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Will the Government ‘class action’ regime really help consumers?

Until now claimants have had to “opt-in” if they wanted to be part of a collective litigation action before the Competition Appeal Tribunal (CAT), which would deal with such claims as those alleging unfair pricing amongst utility companies. However, the Government reforms herald the introduction of ‘opt-out’ collective actions. Under the opt-out regime, claims would be brought by a defined group without there being a need to specifically identify individual group members. In other words, those falling within the group would automatically be bound by the decision unless they opted-out.

CAT has power to consider appeals of decisions made by the Office of Fair Trading, Competition Commission, Civil Aviation Authority and others – which are few in number when compared against the total number of claims that the courts deal with each year. Consequently, whilst much has been made of the reforms and their wider impact on commerce, it is unclear what material difference will result for consumers. It is worth noting however, that even the Government accepts that the proposals could lead to frivolous and unmeritorious litigation”.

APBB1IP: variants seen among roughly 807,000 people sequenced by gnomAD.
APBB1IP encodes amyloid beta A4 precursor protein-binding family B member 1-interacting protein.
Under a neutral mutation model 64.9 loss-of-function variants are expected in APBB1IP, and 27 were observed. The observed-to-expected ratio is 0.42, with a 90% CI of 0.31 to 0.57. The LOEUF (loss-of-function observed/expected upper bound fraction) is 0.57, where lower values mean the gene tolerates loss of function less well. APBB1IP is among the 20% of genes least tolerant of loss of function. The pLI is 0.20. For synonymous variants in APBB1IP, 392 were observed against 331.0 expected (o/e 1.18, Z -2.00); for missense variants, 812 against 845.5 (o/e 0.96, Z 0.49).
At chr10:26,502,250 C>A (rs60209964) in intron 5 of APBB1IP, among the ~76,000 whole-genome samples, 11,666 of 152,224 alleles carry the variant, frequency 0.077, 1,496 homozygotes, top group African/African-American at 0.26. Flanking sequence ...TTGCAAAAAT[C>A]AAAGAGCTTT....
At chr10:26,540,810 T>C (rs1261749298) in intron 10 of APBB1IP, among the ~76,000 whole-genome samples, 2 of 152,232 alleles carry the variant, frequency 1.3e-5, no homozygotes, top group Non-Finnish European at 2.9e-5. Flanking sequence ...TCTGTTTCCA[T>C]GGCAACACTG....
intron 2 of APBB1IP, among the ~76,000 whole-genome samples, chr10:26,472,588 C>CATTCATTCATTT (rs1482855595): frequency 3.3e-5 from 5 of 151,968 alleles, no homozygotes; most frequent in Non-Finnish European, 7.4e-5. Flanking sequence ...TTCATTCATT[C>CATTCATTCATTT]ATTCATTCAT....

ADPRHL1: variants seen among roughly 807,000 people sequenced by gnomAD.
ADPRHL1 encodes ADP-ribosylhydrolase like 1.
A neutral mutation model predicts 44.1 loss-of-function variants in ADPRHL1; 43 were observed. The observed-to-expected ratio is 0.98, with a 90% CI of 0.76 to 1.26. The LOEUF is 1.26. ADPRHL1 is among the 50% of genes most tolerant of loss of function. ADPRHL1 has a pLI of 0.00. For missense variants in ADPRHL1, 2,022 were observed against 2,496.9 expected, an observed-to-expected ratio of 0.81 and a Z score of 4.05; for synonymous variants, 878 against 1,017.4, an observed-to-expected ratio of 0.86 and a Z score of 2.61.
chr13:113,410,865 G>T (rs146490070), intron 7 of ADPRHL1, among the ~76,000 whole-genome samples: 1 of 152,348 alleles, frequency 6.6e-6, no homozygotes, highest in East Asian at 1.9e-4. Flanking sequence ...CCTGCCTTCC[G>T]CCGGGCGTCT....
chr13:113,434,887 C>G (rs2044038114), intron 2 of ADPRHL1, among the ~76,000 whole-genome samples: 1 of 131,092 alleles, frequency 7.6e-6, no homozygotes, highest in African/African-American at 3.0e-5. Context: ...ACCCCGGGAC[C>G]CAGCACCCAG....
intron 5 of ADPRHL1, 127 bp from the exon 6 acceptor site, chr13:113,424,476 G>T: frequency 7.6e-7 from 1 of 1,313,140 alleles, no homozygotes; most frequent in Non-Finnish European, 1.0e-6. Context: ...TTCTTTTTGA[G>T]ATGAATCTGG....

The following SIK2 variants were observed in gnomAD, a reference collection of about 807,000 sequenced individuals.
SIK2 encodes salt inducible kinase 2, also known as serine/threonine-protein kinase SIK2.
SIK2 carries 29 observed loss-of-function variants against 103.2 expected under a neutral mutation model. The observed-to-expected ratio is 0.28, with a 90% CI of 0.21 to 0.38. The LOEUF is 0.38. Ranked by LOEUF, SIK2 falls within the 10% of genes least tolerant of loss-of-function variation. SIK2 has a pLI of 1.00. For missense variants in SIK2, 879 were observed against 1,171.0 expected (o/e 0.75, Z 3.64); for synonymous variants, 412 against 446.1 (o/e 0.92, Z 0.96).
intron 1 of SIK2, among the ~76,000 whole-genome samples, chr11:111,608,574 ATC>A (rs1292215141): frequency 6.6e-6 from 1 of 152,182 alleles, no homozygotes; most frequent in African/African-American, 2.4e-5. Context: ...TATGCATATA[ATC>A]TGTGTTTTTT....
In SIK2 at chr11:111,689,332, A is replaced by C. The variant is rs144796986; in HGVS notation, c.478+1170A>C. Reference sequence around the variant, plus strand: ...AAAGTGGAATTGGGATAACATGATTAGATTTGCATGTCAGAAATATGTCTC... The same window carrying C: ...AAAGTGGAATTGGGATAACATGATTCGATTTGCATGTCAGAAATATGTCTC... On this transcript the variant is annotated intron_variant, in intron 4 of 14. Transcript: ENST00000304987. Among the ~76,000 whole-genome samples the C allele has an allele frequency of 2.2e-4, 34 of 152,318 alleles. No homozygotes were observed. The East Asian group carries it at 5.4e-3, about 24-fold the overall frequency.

The underlying rationale for the reforms, introduced by the Department for Business, Innovation & Skills, is ostensibly to promote fairness and growth of small businesses. However, some commentators (for example, this morning’s Yorkshire Post article, in which this blog is quoted) see this as an obvious attempt by the Government to reduce the drain on the public purse – with the likely consequence that individuals with genuine and unique claims risk being left out of pocket.

No right-minded individual would suggest that “frivolous and unmeritorious litigation” is a step in the right direction. Indeed, the Government feels confident that it can introduce sufficient safeguards whilst, at the same time, increasing access to justice for those who are most in need. The Devil is in the detail and the real test will be in the implementation of the reforms before the CAT – something which consumer groups, trade associations and the Rt. Hon. Dr. Vince Cable MP will need to keep a careful eye on in the coming months.

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